The condensed version of each issue can be summed up in this way. First, the location of the stadium has revolved mainly around two areas of San Diego (I do not believe that the team was ever going to move to the suburbs – that was strictly a tool for leverage by the Spanos family) and both sides have disagreed over that stadium location. The two areas proposed in this situation are: Mission Valley and downtown San Diego.
The essence of the situation regarding the site proposals is that the politicians favored the Chargers build a stadium on the same site in Mission Valley where the current stadium is located. The Spanos family favored the downtown site and wanted similar concessions to those given by the politicians to the Padres ownership when they built the downtown baseball stadium now known as Petco Park.
The second issue is the funding for the site and for many years the Spanos family was trying to gain public dollars for the stadium project by requesting that the politicians attach the new stadium proposal to the measure to renovate the convention center downtown. The politicians refused to combine the two proposals and felt that essentially the family had billions of dollars and should foot the bill for the stadium. The politicians also wanted the stadium in Mission Valley so that stalemate continued for years.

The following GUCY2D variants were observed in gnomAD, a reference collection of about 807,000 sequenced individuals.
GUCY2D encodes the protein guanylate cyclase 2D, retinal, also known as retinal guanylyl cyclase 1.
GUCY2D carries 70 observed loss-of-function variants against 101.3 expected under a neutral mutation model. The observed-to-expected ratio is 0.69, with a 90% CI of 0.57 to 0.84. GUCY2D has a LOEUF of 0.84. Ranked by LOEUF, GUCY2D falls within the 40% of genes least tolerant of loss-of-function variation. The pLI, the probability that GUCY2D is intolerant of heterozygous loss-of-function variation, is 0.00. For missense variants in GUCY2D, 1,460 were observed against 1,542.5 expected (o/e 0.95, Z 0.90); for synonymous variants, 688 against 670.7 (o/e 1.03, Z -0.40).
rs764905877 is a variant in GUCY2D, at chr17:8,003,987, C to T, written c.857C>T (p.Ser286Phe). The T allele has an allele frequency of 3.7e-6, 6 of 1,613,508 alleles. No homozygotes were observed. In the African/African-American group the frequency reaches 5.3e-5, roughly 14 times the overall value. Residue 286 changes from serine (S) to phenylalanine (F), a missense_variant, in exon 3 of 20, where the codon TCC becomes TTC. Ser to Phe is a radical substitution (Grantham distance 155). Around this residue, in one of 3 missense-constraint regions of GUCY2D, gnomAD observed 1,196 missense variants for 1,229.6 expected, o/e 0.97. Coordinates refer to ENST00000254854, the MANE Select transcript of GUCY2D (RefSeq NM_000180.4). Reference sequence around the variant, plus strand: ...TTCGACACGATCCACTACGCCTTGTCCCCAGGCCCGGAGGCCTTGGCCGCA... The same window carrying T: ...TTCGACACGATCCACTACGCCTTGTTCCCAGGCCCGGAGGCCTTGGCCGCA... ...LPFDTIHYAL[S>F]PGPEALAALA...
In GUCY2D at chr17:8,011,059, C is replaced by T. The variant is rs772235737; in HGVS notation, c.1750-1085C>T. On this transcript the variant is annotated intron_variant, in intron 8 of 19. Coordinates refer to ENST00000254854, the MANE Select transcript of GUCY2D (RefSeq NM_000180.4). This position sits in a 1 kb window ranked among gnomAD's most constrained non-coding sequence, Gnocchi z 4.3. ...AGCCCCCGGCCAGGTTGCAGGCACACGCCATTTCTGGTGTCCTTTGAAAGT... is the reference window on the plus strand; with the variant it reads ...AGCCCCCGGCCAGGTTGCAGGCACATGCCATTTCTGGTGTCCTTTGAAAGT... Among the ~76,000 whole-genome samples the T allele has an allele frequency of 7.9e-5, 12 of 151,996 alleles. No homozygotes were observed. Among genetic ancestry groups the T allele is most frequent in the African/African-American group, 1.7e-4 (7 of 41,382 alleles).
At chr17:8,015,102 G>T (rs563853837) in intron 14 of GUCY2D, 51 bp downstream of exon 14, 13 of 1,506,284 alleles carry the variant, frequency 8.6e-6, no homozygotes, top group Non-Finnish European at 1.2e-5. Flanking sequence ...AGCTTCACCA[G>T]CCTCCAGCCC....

The current situation is still pretty messy. The Chargers formally announced their proposal for a downtown stadium adjoining the convention center site last week. The politicians responded with their rationale behind why they believe the Mission Valley site is a better fit for all sides. The main issue is that the land that the Chargers would need to fulfill the downtown project is not owned by either party in this scenario. The costs, the risks, and the potential for public approval are all significantly greater with the downtown proposal because of the purchase of the land and the associated legal costs. The financing for that endeavor becomes tricky because the public has to vote by a two-thirds majority to approve any ballot initiative that includes a tax increase. The public support may not be there for this project which will set back the entire time frame of getting the stadium built.
Meanwhile, the Mission Valley site is where both the city and the county proposed a $1.1 billion stadium project on land that is city owned. The viewpoint of the city officials is that this project site will provide a smoother and more cost effective option to development of a new stadium. The Chargers, according to ESPN and other news outlets, have been working with JMI which is the same real estate developer that helped the Padres develop Petco Park.